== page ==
Disability Fraud – Challenging Stereotypes Part 2
In our previous segment on disability fraud, we discussed how cases of fraud
account for less than 1% of disability claims.
The majority of people who apply for benefits have their claims denied. Even still, some politicians will claim that we are becoming a nation of “takers” instead of a nation of “makers” and growing numbers of Americans on disability programs is a sign of entitlement culture. This is false; the increase in Americans participating in the Social Security program is due to demographics. The baby boomer generation is aging, and policy changes will need to be made as a result. In the past, congress has handled demographic shifts by reallocating revenues from other programs.
Public perception is important. Social Security Disability Insurance is a program that all tax payers have paid into. It is not a welfare program, it is an insurance program. As many as one third of workers become disabled or die over the course of their careers. Only 7% of low-wage workers have an employer-provided disability plan. This problem is compounded when you consider that low-wage professions in retail, construction, and transportation have high rates of on-the-job accidents. Employer disability coverage is disproportionately extended to those is low-risk white-collar professions.
The recession has caused an increase in Social Security disability applications but only a 5 percent increase in accepted applicants.
Many attribute the recent increase in disability applicants to the economic downturn. The ugly implication in naming the recession as the cause of an increase in benefit payouts is that people are receiving benefits out of economic desperation and not actual inability to work. The Social Security Administration claims the recession caused only a five percent increase in the number of accepted applications. However, application rates increased significantly. This shows that the recession did have an impact on the number of people applying for benefits, but because the system is designed to help only those who need it most, the increase in applications did not result in an equally significant increase in beneficiaries.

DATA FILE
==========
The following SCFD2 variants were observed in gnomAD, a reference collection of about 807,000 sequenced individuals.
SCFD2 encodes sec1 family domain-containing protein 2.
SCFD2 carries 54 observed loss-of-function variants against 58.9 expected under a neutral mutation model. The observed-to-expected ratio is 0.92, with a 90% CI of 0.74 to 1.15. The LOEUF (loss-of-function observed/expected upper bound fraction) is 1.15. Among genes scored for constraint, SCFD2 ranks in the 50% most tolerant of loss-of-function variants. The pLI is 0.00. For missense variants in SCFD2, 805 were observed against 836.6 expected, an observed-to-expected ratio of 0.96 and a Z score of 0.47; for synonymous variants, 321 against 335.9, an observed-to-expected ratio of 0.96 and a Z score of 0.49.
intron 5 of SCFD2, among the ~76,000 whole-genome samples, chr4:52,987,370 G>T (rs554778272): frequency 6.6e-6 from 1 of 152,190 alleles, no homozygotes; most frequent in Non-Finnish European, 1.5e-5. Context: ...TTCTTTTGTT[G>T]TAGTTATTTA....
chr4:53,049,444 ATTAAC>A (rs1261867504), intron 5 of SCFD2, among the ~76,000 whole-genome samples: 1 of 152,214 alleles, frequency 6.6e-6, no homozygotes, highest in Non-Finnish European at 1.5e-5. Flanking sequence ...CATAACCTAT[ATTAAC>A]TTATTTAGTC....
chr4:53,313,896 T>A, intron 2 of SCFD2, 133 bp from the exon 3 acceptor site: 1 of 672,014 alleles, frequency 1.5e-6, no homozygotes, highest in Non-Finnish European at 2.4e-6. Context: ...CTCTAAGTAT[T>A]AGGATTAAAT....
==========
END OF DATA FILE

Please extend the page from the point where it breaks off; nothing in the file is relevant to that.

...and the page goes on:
Social Security disability payments are minimal but crucial to those who receive them.
The Social Security Administration’s administrative budget is only 1.4%. This means they are spending only 1.4% of the millions of dollars distributed through the program to ensure those dollars are distributed properly. Even with this tight margin, cases of fraud are very rare. The average benefit payment for an unmarried individual is $1,165 in 2015. For half of beneficiaries this payment is 90% or more of their income. Nobody is becoming rich from their Social Security payouts. However, as meager as these benefits are, they are essential to the financial security of those receiving them. Even more unfortunate is that the majority of those who were denied benefits went on to earn less than $1,000 per month.
Being denied benefits can be a devastating financial hardship. If you are disabled, you need additional resources to support yourself and possibly your family. Our law firm specializes in helping clients get the benefits they need.
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